This is Why (and How) Refinancing a Loan Can Affect Your Credit Score

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It’s no secret: Refinancing loans can save you thousands of dollars.

Whether you’re refinancing your mortgage and saving $3,600 a year… refinancing your student loans and saving $5,400 a year… or refinancing your credit card debt and saving $12,000 in interest

If you know what you’re doing and can find the best terms and rates, all seems well on the financial front, right?

But we needed to know: Does refinancing affect your credit score? If so, how?

How Refinancing Loans Can Affect Your Credit Score

It’s a dog-eat-dog world out here, and your credit score will affect your refinancing rates and refinancing will affect your credit score.

But it’s not as bad as it sounds.

Rod Griffin, Experian’s director of public education, helped us crack into the illusive world of refinancing and credit scores.

He suggests before you refinance anything, ask your lender: Will my original debt be reported as “paid in full” or as “settled”?

If your original debt is reported as “paid in full, here’s what your credit report sees: You’ve paid off your original debt in full, so that account is no longer active, and there’s no negative history associated with it. The new account, the refinanced one with the better interest rate, is now the active one.

It basically just flips, so you shouldn’t see anything dramatic happen to your credit score. Life’s good.

“What will happen is, because there’s been a change, you’ll probably see your scores dip a little bit initially and then come right back up fairly quickly,” Griffin said. “Give it a full-length cycle or two and then check your credit scores because you’ll probably rebound by then.”

If your original debt is reported as settled, however, that’s when your credit score might struggle.

“When you settle an account, it means that the creditor is agreeing to accept a payoff amount that is less than the amount originally owed,” Experian’s site explains. “Because the creditor is taking a loss, a status of settled is considered potentially negative, though it is better than if the debt was not paid at all.”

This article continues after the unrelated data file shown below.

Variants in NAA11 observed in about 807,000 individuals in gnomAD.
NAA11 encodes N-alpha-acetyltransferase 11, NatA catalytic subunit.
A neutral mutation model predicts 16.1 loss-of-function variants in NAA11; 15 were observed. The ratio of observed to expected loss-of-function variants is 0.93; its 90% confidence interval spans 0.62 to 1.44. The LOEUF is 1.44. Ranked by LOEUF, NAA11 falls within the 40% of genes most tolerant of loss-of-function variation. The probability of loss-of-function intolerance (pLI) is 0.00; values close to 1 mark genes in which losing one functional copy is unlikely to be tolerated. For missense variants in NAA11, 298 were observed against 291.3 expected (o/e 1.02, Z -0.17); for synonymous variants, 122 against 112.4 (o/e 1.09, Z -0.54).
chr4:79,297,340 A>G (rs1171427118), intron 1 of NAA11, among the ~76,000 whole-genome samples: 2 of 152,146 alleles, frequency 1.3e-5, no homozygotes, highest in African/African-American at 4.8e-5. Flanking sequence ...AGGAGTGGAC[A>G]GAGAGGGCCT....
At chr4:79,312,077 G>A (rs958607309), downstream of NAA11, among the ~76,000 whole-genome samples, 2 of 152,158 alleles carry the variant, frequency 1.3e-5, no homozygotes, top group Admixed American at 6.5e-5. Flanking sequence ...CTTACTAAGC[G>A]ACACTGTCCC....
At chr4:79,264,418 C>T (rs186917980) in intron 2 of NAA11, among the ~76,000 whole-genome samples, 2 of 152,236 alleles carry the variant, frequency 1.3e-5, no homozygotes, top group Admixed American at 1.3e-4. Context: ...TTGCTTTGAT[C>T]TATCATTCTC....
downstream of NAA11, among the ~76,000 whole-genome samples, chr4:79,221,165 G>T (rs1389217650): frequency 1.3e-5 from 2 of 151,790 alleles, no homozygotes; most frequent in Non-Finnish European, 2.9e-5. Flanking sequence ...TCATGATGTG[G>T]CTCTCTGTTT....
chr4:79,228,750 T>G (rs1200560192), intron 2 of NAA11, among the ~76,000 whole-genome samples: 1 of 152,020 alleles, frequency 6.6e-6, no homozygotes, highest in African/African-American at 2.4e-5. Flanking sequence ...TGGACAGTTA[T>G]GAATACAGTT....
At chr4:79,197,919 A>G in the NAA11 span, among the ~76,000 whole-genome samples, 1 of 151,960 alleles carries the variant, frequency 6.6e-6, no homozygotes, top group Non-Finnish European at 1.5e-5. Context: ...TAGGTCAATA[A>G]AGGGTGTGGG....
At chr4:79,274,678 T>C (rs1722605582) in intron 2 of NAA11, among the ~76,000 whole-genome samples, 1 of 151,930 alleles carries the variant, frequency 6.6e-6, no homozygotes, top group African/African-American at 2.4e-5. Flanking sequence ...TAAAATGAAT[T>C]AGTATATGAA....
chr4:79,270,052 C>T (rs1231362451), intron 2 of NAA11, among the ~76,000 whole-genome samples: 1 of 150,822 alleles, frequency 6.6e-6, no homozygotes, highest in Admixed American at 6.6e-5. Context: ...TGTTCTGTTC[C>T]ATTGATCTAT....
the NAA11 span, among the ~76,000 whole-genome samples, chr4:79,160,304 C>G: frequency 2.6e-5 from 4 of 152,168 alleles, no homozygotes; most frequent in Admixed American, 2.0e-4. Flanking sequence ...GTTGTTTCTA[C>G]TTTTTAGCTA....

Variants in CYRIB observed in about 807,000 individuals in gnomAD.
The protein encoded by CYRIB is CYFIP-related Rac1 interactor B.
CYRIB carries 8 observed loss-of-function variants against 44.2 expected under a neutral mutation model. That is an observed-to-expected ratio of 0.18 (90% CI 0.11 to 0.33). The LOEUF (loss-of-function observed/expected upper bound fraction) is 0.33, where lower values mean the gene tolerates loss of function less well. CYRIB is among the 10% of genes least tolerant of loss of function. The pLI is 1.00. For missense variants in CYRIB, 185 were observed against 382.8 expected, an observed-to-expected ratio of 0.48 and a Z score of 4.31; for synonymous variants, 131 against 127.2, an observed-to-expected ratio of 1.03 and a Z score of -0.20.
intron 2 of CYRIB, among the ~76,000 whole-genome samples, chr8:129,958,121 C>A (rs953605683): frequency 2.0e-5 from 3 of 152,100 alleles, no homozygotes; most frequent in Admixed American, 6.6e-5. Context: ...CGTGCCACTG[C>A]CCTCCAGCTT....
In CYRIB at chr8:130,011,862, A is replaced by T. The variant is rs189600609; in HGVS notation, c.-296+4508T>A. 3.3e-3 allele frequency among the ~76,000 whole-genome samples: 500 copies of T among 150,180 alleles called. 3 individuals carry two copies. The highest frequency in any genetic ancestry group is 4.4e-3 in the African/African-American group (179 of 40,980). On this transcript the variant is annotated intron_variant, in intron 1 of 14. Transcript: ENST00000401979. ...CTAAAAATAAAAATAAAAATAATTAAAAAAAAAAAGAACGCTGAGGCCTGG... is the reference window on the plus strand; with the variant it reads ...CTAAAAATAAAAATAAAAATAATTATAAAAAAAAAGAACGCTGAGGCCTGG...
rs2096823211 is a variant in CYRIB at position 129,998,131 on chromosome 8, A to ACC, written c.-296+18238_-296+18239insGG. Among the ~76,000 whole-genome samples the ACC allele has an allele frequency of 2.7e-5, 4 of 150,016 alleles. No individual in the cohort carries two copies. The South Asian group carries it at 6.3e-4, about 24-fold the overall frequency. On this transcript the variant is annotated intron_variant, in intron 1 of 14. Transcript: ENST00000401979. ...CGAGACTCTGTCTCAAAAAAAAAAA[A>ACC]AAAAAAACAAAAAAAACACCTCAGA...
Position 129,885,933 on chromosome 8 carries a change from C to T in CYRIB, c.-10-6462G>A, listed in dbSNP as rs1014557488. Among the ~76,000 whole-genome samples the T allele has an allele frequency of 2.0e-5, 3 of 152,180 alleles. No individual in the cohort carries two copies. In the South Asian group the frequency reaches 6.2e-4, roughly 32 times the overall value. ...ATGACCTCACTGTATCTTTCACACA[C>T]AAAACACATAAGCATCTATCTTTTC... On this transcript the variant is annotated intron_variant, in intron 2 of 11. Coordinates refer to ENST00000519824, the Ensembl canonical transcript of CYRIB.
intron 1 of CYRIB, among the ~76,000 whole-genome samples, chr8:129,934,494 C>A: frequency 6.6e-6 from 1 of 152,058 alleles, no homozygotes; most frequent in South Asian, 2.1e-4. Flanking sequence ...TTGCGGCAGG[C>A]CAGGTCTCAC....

So, whatever you do, be sure when you refinance that the lender is reporting your debt as paid in full — not settled.

When You Shouldn’t Refinance Your Loan

You’re initiating some type of change when you refinance your debt — settled or not — so your credit score will bounce a bit, like Griffin said.

Even with that slight change, you shouldn’t plan to make a big purchase within the first few months of refinancing.

“It’s probably best that you hold off because it creates that change, that instability,” Griffin said.

For example, if you’re going to take out a mortgage in a few months, you should probably just wait. Any little drop in your credit score can affect those interest rates, which could cost you thousands in the long run — or even cost you getting approved for a mortgage.

(Here are four other ways your credit report can affect big decisions.)

Before Making Any Decisions… Do This

Before seeing those big dollar savings and deciding you want to refinance, be sure you shop around for the best rates.

We recommend using an online marketplace. For student loans, peruse Credible, which will let you shop around for the best refinancing rates. Then, you can be confident the lower interest rate is worth the refinancing cost.

If you’re thinking about refinancing credit card debt, Fiona is also a good resource to help match you with the right personal loan to meet your needs. If your credit score is at least 620, it can help you borrow up to $50,000 (with no collateral needed) and compare interest rates from several lenders. Rates start at 4.99% and repayment plans range from 24-84 months.

You’ll also want to check your credit report.

“With any kind of credit relationship or application, you should always check your credit report in advance,” Griffin said. “Get a credit score. Know what your scores are. Know where you stand in terms of risk before you go in.”

The scores you pull from a free site won’t necessarily be the same a lender sees. In fact, they’ll probably be pretty different, but Griffin assured us that’s OK.

Even if the numbers don’t align, the risk factors will — and that’s what helps determine your credit score.

“When you get a personal credit score, you’ll get the risk factors that go with that score as well,” he explains. “Those risk factors tell you what from your credit report most affected this score.”

Then you know what you need to do to get that score up to help out with those interest rates.

If you’re curious about what other big-life decisions your credit score can affect, read this.

Carson Kohler (@CarsonKohler) is a junior writer at The Penny Hoarder. She tackled this article because her editor was curious, but she also hopes it can help others make informed decisions, too.